One option being explored would be to calibrate the tariffs based on the percentage of trade between the countries, a person close to the talks said. The $50 billion represents about 10% of the Chinese exports to the U.S., so China, which buys far less from the U.S., would then leave in place tariffs covering 10% of its imports, about $13 billion.
Among the most nettlesome issues remaining are the changes the U.S. is seeking to address more deep-seated structural issues, particularly the web of Chinese industrial policies that support local companies. The U.S. side wants more than the broad pledge that China has thus far offered to treat all firms equally in government procurement and other matters, according to the people briefed on the talks.
“An agreement has not been reached, nor whether to do a deal without an agreement on subsidies,” said one of the people.
The U.S. has complained for years that China’s subsidies create an unfair advantage for domestic companies and have led to excess capacity, with Chinese products then dumped on overseas markets. Beijing has said that the bulk of such subsidies comes from provincial and local governments, making it difficult for the central government to track.
Chinese economists and policy advisers have warned about a sharp, sudden cut off in subsidies, saying that such a move now would undermine China’s state-led economic model and risk bankrupting some state enterprises.
Subsidies to nurture high-tech industries, from biotech to next-generation telecommunications, have been supported by President Xi Jinping’s government to make China a technology leader but have drawn criticism from the Trump administration.
Chinese negotiators have tried to address some of those concerns. For the fast-growing cloud-computing sector, for example, China has agreed to ease access, eliminating the 50% ownership cap on foreign firms for certain cloud services involving software. In other parts of the cloud market, foreigners are prohibited from owning any stake and must license their technology to Chinese firms.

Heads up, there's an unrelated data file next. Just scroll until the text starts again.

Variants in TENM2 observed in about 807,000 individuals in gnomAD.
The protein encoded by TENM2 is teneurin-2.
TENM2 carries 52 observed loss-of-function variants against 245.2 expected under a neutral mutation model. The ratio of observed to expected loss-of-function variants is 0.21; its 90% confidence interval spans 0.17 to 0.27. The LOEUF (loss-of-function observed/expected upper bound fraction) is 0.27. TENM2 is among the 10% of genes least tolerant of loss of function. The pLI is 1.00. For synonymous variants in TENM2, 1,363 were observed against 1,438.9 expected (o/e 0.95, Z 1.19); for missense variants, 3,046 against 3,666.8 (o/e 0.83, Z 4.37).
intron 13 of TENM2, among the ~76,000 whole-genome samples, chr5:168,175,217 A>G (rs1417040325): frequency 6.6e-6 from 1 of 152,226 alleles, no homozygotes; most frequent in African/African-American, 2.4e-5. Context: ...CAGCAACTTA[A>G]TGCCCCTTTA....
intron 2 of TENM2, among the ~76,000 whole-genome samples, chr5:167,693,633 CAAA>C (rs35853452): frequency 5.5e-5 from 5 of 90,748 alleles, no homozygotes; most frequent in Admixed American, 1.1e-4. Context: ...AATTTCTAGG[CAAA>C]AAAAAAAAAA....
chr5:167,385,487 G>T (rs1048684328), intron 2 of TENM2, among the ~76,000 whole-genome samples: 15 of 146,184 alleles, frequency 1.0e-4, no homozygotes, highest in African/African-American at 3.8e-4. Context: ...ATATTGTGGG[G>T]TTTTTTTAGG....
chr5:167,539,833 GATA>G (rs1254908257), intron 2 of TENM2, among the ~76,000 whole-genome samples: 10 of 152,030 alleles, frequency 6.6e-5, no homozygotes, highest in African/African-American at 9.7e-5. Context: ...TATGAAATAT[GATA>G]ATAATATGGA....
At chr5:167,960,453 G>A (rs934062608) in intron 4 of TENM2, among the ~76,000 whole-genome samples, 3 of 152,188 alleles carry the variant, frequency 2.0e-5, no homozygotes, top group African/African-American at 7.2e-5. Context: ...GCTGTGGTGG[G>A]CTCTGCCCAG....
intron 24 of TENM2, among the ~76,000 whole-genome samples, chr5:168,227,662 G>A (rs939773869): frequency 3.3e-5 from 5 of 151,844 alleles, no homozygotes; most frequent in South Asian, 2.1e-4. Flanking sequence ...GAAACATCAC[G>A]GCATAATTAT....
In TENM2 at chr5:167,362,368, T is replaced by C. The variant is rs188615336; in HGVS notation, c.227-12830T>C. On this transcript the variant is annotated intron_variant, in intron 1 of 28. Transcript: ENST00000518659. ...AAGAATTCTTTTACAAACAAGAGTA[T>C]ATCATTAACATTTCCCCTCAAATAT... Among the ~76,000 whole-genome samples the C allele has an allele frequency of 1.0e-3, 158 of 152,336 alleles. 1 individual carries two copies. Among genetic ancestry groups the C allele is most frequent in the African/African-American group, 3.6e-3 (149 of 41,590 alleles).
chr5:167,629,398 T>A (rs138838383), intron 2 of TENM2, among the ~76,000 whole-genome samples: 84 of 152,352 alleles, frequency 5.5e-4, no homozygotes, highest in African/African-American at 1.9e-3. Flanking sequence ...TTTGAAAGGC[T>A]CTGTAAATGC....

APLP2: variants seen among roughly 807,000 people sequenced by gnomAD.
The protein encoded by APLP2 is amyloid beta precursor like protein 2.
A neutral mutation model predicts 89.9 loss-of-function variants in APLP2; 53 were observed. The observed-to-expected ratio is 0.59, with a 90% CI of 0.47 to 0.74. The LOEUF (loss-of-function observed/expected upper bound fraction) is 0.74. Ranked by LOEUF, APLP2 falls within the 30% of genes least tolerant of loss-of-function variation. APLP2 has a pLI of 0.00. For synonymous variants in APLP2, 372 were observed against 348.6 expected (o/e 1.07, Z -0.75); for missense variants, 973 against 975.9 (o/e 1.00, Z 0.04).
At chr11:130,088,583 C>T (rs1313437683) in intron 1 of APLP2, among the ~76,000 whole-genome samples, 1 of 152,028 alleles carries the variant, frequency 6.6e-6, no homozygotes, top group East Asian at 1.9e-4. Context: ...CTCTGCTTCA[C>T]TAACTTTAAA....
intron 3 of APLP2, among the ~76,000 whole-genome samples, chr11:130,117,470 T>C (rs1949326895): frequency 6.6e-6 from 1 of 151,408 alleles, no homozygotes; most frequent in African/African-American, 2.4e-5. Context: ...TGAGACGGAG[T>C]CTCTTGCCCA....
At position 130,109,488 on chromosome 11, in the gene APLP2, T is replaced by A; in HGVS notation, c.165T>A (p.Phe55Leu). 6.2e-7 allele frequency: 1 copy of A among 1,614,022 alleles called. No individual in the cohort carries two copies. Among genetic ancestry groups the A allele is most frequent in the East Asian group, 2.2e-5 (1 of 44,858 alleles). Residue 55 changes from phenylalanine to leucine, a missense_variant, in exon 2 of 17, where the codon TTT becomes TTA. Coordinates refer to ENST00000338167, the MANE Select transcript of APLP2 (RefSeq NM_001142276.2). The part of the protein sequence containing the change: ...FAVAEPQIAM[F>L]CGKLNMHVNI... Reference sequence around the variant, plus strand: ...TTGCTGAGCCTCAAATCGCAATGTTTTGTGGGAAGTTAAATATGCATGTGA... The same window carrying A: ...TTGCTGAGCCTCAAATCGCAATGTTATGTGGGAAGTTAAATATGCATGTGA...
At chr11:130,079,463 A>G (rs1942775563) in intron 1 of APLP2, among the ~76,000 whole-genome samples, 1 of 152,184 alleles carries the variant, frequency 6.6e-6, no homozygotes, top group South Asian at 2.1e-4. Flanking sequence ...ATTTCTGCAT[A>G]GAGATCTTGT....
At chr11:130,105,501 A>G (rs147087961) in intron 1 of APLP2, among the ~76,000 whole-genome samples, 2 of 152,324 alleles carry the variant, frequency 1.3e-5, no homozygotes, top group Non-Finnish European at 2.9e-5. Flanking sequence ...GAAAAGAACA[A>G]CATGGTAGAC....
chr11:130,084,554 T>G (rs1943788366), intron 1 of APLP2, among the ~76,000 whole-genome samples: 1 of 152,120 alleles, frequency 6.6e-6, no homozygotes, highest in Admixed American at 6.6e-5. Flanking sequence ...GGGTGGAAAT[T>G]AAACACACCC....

Beijing, however, wants to remove the ownership cap gradually, according to a person close to the talks. The issue is important as Amazon.com Inc., Microsoft Corp., and Apple Inc. and others have invested millions of dollars or more to provide cloud services in China but remain hampered by regulations.
Chinese negotiators have also agreed recently to not confine the ventures to set geographical limitations, according to the person. A previous offer by China was limited to free-trade zones.
Still, unresolved are licensing and data transfer issues. Licensing requirements are different depending on the type of cloud-computing services, and Beijing is still insisting on withholding some licenses, according to the person. Also uncertain is a U.S. demand that Beijing loosen a stringent cybersecurity law, which requires companies in sectors deemed critical to store sensitive data within the country’s borders and not transfer the information abroad.
Outside of the talks, Beijing signaled more liberal access for foreigners to its banking sector. The chief banking regulator in comments on the agency’s website said it plans to remove requirements that foreign banks have $10 billion in assets before being allowed to set up a legal entity in China and $20 billion in assets before being able to set up a branch. The regulator also plans to scrap separate approval procedures for foreign banks to conduct yuan business.
–William Mauldin contributed to this article.